The Role of Amino Acids in Alcohol Detox

Taking amino acids is a very good idea for alcoholics who wish to detox. They’re known to make it easier for your body to break down alcohol, which can give you reduced hangovers. At the same time, however, drinking regularly can cause amino acid irregularities to occur. Getting your amino acids back in line is definitely something that you’ll want to tackle as you go through the detoxification process. 

How Alcohol Affects Amino Acids

Your body needs amino acids to properly function. Unfortunately, the amino acids in your liver – along with your other organs – can go through a marked change as you abuse alcohol. This can lead to issues such as hepatic encephalopathy, which is a nervous system disorder that affects the brain. Getting your body back to its normal state will take some time and work, but it is possible.  

How Amino Acid Therapy Helps Treat Alcoholism 

When you drink alcohol regularly, it begins to interrupt your neurotransmitters. This means that your brain will no longer be able to produce dopamine, and you’ll be left needing to drink in order to feel good. Of course, this won’t last, which will leave you in a much worse state than when you first started. 

Amino acid therapy can balance your neurotransmitters, and this will lead to the production of dopamine again. This allows you to experience an improved mood, a new sense of well-being, and the ability to feel pleasure again. In other words, taking amino acids for detox is one of the best things that you can do. 

Try These Fatty Acids & Amino Acids for Alcohol Detox 

1. Omega-3 Oil

Alcoholics benefit from omega-3 (a fatty acid) supplementation because the brain immediately seizes it to regenerate its own tissue. It also supports nervous system functioning. When I was suffering from alcohol withdrawal, omega-3 oil noticeably improved my mood.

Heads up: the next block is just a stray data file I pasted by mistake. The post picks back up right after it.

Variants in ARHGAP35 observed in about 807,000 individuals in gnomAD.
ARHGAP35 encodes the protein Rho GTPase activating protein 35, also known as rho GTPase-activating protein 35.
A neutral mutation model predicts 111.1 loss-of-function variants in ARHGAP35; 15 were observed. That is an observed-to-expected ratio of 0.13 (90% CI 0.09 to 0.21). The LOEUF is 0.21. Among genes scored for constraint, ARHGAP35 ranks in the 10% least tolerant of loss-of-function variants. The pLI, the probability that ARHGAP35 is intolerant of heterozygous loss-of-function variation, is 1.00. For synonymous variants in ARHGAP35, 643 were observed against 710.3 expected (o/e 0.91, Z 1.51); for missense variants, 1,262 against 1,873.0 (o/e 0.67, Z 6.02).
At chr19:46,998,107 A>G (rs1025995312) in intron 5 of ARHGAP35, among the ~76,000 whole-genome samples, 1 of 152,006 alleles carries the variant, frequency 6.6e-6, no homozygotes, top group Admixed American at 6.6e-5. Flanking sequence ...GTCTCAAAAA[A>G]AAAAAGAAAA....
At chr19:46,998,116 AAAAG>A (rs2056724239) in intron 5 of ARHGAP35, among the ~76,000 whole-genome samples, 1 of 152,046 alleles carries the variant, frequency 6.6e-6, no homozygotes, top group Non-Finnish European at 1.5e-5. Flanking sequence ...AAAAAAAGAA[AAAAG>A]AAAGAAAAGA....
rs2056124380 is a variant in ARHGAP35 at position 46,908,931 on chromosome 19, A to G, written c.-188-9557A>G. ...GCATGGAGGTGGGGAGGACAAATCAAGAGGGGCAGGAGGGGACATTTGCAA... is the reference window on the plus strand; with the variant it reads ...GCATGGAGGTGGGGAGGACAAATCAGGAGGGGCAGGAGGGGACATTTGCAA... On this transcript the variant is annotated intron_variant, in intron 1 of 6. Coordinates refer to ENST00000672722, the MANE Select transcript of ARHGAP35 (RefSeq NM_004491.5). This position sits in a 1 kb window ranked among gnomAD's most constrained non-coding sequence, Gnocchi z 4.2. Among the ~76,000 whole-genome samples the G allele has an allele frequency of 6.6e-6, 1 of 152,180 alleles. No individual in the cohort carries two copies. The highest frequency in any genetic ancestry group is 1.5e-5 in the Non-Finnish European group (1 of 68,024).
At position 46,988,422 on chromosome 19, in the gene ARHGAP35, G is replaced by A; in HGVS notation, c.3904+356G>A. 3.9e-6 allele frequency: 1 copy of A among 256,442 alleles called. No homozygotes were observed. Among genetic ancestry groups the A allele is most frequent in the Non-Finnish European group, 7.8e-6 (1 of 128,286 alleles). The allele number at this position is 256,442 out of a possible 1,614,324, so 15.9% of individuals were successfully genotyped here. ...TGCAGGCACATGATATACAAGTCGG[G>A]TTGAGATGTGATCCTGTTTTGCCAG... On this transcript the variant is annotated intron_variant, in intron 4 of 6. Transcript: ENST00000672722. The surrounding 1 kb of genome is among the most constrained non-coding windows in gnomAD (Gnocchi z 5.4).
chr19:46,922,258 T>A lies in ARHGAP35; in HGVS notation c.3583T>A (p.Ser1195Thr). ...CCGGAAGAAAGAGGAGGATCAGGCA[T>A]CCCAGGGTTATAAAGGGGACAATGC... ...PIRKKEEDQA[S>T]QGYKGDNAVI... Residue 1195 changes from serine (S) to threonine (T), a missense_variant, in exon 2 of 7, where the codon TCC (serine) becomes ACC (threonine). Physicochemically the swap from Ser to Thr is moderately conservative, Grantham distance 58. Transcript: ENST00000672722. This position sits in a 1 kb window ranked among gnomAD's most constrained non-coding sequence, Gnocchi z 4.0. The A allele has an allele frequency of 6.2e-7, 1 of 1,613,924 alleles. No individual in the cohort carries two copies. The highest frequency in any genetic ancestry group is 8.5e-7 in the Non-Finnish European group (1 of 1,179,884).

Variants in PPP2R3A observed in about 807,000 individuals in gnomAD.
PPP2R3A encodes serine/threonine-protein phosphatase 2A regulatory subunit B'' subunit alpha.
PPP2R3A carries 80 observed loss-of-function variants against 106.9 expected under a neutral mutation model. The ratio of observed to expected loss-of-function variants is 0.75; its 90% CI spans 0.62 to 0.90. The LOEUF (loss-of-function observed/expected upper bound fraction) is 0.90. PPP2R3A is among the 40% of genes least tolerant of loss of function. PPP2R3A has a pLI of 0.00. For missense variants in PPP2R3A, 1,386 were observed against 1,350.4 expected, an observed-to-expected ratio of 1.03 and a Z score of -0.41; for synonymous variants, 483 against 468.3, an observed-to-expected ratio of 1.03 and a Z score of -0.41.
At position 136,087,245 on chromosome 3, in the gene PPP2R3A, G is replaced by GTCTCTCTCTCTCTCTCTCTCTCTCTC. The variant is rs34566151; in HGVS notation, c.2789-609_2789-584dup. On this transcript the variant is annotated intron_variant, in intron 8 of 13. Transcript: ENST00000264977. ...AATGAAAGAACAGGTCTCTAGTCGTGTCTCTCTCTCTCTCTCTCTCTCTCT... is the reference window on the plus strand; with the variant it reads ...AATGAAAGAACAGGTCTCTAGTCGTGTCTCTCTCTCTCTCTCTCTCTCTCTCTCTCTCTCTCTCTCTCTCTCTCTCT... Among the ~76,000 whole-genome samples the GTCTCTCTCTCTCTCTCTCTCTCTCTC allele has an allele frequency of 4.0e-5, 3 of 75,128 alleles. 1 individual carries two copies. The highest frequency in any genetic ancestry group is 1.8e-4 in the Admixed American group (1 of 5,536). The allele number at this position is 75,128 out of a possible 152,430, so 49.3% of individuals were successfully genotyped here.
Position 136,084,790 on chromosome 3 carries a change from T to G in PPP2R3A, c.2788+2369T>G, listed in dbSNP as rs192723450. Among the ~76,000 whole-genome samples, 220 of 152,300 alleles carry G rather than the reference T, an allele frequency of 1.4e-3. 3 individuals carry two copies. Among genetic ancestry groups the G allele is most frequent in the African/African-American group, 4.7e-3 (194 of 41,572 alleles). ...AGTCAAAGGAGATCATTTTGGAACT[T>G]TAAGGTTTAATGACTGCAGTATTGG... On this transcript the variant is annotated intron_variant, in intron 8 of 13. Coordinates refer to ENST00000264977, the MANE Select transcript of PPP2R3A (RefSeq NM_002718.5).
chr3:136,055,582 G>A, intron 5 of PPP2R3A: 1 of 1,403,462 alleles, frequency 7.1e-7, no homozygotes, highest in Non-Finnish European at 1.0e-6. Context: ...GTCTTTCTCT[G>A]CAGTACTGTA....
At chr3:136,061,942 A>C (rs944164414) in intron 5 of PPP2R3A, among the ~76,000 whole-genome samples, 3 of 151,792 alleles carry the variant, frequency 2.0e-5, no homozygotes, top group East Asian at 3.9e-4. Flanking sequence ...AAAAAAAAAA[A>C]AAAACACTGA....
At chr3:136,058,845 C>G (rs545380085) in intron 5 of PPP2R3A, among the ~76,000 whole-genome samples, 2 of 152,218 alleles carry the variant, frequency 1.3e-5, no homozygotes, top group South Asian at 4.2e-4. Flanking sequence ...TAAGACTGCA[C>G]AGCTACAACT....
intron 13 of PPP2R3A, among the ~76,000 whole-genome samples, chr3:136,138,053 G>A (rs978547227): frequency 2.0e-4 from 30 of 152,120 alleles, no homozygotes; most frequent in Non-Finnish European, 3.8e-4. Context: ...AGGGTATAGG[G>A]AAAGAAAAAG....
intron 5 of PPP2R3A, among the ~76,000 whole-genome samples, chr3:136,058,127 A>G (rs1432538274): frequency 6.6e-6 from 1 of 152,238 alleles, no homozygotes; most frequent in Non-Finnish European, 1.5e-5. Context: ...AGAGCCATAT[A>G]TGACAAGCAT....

Common vegetable oils contain large amounts of omega-6 fats. The proper ratio of omega-6 to omega-3 is thought to be around 3:1, but most Americans consume about 30:1!

The best sources of omega-3 fats are fish oil or krill oil that have over 200 mg each of EPA and DHA and which do not contain added filler oils. While krill oil might be superior because it contains an antioxidant called astaxanthin that combats free radicals in the body, most research to date has been done on fish oil, which has given me extraordinary results.

This is one of the few supplements I still take on a daily basis (and I take double the recommended dosage).

2. L-Glutamine

Many people have used this amino acid to combat alcohol cravings instantly. Because l-glutamine is a precursor for GABA, it can also alleviate anxiety and promote restful sleep.

There’s more glutamine in your blood than any other amino acid, and while it is produced in your body, it is depleted by stress and alcohol consumption. I used glutamine for several weeks to help with alcohol withdrawals, with a noticeable reduction of alcohol cravings.

3. L-Tyrosine

This amino acid is a building block of catecholamines, which include dopamine, norepinephrine, and epinephrine. All of these neurotransmitters are depleted by chronic alcohol consumption.

Because catecholamines are responsible for feelings of energy and motivation, L-Tyrosine has an antidepressant effect. It can help people whose withdrawal symptoms include lethargy and depression.

I’ve used L-Tyrosine on and off for the past two years, with great results. It’s helped me curb my excessive coffee consumption and feel more motivated during the day.

Note: If you feel irritable after taking L-Tyrosine, stop taking it. You may respond better to DLPA (see below).

4. DL-Phenylalanine (DLPA)

This amazing supplement is a combination of two amino acids, D-Phenylalanine and L-Phenylalanine.

D-Phenylalanine can restore natural endorphins, which are the brain’s natural stress relief chemicals. L-Phenylalanine is a precursor to dopamine and other catecholamines, which are neurotransmitters that provide a sense of motivation and reward.